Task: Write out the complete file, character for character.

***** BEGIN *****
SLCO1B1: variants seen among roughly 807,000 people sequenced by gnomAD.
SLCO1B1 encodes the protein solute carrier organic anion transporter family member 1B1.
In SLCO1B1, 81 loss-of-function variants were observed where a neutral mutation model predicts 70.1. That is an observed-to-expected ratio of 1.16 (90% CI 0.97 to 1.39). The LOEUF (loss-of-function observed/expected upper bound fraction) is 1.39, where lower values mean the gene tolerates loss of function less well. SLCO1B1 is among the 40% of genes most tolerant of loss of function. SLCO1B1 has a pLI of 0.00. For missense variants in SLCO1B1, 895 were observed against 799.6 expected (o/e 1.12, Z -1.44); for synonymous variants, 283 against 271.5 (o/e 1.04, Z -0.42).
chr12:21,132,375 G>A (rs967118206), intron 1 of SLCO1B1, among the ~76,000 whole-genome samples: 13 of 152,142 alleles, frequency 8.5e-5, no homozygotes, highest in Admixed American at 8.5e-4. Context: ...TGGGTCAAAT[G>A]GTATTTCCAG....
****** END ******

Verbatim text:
SLCO1B1: variants seen among roughly 807,000 people sequenced by gnomAD.
SLCO1B1 encodes the protein solute carrier organic anion transporter family member 1B1.
In SLCO1B1, 81 loss-of-function variants were observed where a neutral mutation model predicts 70.1. That is an observed-to-expected ratio of 1.16 (90% CI 0.97 to 1.39). The LOEUF (loss-of-function observed/expected upper bound fraction) is 1.39, where lower values mean the gene tolerates loss of function less well. SLCO1B1 is among the 40% of genes most tolerant of loss of function. SLCO1B1 has a pLI of 0.00. For missense variants in SLCO1B1, 895 were observed against 799.6 expected (o/e 1.12, Z -1.44); for synonymous variants, 283 against 271.5 (o/e 1.04, Z -0.42).
chr12:21,132,375 G>A (rs967118206), intron 1 of SLCO1B1, among the ~76,000 whole-genome samples: 13 of 152,142 alleles, frequency 8.5e-5, no homozygotes, highest in Admixed American at 8.5e-4. Context: ...TGGGTCAAAT[G>A]GTATTTCCAG....